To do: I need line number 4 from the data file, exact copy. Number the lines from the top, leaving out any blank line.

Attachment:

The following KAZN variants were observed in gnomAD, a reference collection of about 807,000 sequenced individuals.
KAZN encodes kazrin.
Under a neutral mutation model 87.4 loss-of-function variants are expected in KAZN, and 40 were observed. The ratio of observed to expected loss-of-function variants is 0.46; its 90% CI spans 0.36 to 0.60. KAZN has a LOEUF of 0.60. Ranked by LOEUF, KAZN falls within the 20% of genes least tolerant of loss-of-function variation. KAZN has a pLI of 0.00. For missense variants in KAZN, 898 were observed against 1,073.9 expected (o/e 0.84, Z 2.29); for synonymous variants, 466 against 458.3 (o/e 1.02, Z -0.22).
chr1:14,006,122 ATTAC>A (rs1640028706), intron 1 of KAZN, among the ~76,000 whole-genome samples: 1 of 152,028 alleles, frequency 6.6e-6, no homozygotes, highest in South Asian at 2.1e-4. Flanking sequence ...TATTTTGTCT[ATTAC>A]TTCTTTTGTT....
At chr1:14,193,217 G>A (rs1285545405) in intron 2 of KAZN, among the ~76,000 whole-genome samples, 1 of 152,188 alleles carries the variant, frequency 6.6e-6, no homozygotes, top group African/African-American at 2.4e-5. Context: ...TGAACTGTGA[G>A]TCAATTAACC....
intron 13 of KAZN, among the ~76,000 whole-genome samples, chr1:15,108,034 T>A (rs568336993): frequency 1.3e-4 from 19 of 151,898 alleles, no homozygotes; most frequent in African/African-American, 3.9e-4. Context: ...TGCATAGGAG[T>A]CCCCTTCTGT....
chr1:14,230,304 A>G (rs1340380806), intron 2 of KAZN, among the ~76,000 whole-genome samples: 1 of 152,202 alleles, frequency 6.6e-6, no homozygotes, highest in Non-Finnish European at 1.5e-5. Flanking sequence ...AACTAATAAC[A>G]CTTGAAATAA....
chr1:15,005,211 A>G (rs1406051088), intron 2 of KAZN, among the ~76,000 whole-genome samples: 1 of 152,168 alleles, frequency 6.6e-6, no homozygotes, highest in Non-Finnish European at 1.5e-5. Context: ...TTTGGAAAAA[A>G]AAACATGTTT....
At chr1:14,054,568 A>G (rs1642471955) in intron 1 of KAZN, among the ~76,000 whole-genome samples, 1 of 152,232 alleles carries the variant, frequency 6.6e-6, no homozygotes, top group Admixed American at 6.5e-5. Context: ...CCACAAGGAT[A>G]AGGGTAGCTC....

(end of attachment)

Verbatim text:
chr1:14,006,122 ATTAC>A (rs1640028706), intron 1 of KAZN, among the ~76,000 whole-genome samples: 1 of 152,028 alleles, frequency 6.6e-6, no homozygotes, highest in South Asian at 2.1e-4. Flanking sequence ...TATTTTGTCT[ATTAC>A]TTCTTTTGTT....